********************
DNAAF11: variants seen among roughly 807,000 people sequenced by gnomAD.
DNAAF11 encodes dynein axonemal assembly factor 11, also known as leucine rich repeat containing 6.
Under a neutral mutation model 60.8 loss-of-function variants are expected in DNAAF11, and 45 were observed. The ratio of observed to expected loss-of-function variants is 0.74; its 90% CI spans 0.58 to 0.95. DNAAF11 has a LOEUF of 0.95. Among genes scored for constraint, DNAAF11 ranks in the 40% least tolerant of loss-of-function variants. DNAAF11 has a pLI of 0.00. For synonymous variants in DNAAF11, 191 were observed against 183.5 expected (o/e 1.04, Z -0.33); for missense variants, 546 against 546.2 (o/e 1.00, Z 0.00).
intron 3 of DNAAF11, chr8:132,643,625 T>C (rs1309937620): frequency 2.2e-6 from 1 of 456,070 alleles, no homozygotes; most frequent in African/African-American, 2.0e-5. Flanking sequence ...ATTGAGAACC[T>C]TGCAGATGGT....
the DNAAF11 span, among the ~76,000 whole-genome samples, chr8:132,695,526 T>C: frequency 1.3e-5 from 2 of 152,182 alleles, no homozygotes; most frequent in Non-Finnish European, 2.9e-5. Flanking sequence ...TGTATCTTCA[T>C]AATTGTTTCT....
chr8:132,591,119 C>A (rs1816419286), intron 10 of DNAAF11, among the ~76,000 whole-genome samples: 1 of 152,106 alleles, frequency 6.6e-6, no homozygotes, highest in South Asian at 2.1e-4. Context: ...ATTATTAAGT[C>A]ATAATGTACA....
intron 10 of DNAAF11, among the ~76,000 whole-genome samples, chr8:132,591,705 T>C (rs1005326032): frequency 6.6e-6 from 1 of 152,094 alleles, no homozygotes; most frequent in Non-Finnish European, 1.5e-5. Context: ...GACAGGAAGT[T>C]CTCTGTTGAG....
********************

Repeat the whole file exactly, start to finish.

DNAAF11: variants seen among roughly 807,000 people sequenced by gnomAD.
DNAAF11 encodes dynein axonemal assembly factor 11, also known as leucine rich repeat containing 6.
Under a neutral mutation model 60.8 loss-of-function variants are expected in DNAAF11, and 45 were observed. The ratio of observed to expected loss-of-function variants is 0.74; its 90% CI spans 0.58 to 0.95. DNAAF11 has a LOEUF of 0.95. Among genes scored for constraint, DNAAF11 ranks in the 40% least tolerant of loss-of-function variants. DNAAF11 has a pLI of 0.00. For synonymous variants in DNAAF11, 191 were observed against 183.5 expected (o/e 1.04, Z -0.33); for missense variants, 546 against 546.2 (o/e 1.00, Z 0.00).
intron 3 of DNAAF11, chr8:132,643,625 T>C (rs1309937620): frequency 2.2e-6 from 1 of 456,070 alleles, no homozygotes; most frequent in African/African-American, 2.0e-5. Flanking sequence ...ATTGAGAACC[T>C]TGCAGATGGT....
the DNAAF11 span, among the ~76,000 whole-genome samples, chr8:132,695,526 T>C: frequency 1.3e-5 from 2 of 152,182 alleles, no homozygotes; most frequent in Non-Finnish European, 2.9e-5. Flanking sequence ...TGTATCTTCA[T>C]AATTGTTTCT....
chr8:132,591,119 C>A (rs1816419286), intron 10 of DNAAF11, among the ~76,000 whole-genome samples: 1 of 152,106 alleles, frequency 6.6e-6, no homozygotes, highest in South Asian at 2.1e-4. Context: ...ATTATTAAGT[C>A]ATAATGTACA....
intron 10 of DNAAF11, among the ~76,000 whole-genome samples, chr8:132,591,705 T>C (rs1005326032): frequency 6.6e-6 from 1 of 152,094 alleles, no homozygotes; most frequent in Non-Finnish European, 1.5e-5. Context: ...GACAGGAAGT[T>C]CTCTGTTGAG....